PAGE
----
Many are familiar with the big three credit rating agencies – Standards & Poor’s, Moody’s and Fitch – however for those who follow the global finance markets Weiss Rating Agency has developed a reputation for issuing accurate ratings. How credit rating agencies contributed to the global financial debacle is well documented – see Dr. Justin Robinson’s BU presentation. In comparison it is interesting to observe the track record which Weiss has developed.
Today (16 July 2011) Weiss made the financial news when it downgraded United States Debt to C-Minus, a bold move when the politics of global financial markets is considered. Regrettably this is not news to be found in the local media. The downgrade by Weiss given its spiffy track record; they have had twice the number of US Banks under watch than the Feds. While several banks have gone under that were not* on the Feds Watch List, not one has gone belly up that Weiss had neglected to signal caution, bear in mind our dollar is pegged to the US dollar. What should add to the concern for Barbados is the protracted debate by the US legislature concerning budget cuts and raising the debt ceiling.
Here is what Weiss had to say in its press release earlier today, the government of Barbados and Governor of the Central Bank particularly should take careful note:
JUPITER, Florida (July 15, 2011) — Weiss Ratings, an independent rating agency of U.S. financial institutions and sovereign debts, has downgraded the debt of the United States government from C to C-minus.
The C-minus rating for the U.S. reflects a continued deterioration in the eaknesses cited in the Weiss Ratings release of April 28, 2011, including heavy debt burdens, shaky international stability, and poor economic health.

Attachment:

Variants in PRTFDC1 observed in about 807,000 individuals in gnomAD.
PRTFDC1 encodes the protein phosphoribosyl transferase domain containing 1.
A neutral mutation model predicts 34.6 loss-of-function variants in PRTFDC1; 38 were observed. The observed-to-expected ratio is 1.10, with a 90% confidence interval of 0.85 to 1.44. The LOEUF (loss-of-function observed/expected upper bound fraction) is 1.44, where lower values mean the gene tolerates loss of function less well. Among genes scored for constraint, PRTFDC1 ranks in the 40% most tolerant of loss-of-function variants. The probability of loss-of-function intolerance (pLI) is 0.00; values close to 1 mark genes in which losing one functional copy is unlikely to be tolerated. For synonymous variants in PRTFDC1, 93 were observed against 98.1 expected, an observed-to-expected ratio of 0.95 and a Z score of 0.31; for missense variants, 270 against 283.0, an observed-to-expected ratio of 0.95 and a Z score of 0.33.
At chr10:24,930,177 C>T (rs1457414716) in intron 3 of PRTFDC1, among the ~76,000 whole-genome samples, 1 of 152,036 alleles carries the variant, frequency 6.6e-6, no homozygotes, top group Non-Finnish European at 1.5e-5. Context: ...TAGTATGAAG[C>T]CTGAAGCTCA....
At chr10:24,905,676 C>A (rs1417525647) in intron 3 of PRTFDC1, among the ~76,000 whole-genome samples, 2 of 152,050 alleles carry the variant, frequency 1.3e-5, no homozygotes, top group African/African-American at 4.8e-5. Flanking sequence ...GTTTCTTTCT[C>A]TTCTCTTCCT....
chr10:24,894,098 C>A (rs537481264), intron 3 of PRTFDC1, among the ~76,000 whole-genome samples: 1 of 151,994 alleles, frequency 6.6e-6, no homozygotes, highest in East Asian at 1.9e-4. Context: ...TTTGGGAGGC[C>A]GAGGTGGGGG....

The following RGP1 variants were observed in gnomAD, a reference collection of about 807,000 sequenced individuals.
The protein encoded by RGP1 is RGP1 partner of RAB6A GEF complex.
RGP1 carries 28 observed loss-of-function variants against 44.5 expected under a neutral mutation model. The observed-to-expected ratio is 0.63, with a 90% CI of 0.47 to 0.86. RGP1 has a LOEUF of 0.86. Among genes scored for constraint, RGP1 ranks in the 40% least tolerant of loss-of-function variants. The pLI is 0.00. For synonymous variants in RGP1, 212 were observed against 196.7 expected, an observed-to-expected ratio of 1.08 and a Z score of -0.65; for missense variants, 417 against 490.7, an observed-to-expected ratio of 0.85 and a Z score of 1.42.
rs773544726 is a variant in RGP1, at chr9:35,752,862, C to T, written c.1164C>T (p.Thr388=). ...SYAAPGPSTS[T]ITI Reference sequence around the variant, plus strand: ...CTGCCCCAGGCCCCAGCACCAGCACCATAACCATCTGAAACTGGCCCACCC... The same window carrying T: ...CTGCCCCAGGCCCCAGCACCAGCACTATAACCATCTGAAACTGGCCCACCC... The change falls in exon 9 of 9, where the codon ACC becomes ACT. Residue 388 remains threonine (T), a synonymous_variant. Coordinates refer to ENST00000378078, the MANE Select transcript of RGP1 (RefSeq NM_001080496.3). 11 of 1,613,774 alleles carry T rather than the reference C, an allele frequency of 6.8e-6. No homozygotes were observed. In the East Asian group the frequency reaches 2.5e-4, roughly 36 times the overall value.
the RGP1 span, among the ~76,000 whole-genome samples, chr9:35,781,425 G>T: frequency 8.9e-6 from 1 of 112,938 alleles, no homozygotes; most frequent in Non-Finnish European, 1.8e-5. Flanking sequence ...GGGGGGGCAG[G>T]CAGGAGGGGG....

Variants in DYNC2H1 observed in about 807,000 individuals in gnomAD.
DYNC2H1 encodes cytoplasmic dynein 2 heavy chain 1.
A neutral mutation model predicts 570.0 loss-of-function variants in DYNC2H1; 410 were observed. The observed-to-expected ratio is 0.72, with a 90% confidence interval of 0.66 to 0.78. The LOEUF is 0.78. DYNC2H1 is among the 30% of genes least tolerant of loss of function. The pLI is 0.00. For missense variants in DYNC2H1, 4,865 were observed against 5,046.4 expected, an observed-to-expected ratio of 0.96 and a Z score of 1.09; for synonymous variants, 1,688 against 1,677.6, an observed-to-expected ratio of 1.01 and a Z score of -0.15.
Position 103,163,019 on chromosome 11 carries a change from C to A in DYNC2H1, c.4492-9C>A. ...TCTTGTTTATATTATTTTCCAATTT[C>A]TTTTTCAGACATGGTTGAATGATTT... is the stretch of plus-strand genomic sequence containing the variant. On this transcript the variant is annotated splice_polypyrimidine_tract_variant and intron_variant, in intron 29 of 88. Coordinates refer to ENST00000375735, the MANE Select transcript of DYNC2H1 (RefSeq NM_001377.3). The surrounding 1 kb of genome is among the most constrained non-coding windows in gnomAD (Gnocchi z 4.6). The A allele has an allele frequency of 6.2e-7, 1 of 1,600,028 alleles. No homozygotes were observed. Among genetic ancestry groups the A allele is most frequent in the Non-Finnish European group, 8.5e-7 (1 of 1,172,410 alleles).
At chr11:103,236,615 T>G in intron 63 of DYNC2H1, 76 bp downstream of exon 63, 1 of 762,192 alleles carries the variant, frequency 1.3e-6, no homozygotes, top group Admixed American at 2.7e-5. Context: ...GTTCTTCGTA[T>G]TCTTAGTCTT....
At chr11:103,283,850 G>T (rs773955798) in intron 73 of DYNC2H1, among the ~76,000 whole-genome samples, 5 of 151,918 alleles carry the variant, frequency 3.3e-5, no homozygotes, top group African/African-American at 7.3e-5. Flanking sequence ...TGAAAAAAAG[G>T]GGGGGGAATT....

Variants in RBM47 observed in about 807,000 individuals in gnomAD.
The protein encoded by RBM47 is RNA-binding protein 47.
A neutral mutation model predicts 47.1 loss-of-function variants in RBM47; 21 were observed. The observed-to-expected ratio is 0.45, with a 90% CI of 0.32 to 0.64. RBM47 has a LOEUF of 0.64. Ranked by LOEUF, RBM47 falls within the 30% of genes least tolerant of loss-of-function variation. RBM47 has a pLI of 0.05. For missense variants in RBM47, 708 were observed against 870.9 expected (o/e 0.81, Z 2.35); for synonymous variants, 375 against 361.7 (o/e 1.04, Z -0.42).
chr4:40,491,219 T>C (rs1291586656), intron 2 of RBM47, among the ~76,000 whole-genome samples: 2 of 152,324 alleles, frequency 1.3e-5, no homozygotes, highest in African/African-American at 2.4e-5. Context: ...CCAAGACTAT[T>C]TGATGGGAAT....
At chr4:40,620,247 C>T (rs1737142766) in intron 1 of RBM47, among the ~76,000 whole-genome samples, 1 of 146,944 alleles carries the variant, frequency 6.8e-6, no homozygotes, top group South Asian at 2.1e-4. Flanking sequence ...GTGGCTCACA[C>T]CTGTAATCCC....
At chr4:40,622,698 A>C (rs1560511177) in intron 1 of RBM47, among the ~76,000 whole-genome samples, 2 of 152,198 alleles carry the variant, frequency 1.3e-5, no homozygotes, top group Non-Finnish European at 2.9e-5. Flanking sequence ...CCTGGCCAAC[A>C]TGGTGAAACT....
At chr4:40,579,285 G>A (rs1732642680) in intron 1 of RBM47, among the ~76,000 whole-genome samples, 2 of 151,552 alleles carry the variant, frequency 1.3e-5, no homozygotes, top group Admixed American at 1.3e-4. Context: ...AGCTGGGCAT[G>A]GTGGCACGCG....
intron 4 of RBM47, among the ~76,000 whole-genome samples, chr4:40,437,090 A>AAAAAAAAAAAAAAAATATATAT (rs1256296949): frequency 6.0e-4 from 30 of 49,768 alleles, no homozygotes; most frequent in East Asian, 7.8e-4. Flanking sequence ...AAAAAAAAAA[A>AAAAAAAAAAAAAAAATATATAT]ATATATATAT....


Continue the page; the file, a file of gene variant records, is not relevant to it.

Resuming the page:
Weiss Ratings senior financial analyst Gavin Magor commented: “Our downgrade today is not contingent on the outcome of the debt ceiling debate in Washington. It is driven exclusively by the numbers, which indicate that, in addition to a decline in the long-standing weaknesses we noted three months ago, the U.S. has already lost the golden halo that helped guarantee liquidity and acceptance of its government securities in global markets.”
On the Weiss Ratings scale, which ranges from A (excellent) to E (very weak), a C-minus rating is the approximate equivalent of a triple-B-minus on the scales used by other credit rating agencies, or approximately one notch above speculative grade (junk).
For the Weiss Sovereign Debt Ratings on all 49 countries covered, click here. For more information on the Weiss Ratings approach, refer to our white paper, “Introducing The Weiss Sovereign Debt Ratings.”
About Weiss Ratings
Weiss Ratings, the nation’s leading independent provider of financial strength ratings on banks, credit unions, insurance companies as well as sovereign debt ratings on 49 countries, accepts no payments for its ratings from rated entities. By adhering to its independent business model, Weiss outperformed Standard and Poor’s, Moody’s, A.M. Best and Duff & Phelps (now Fitch) in warning of future life and health insurance company failures according to a 1994 study by the U.S. Government Accountability Office (GAO), while also outperforming its competitors in identifying the safest insurers, according to its follow-up study using the GAO’s research methodology. Similarly, Weiss was the only one to identify, in advance, nearly all major banks that failed or required a federal bailout in the 2008-2009 debt crisis.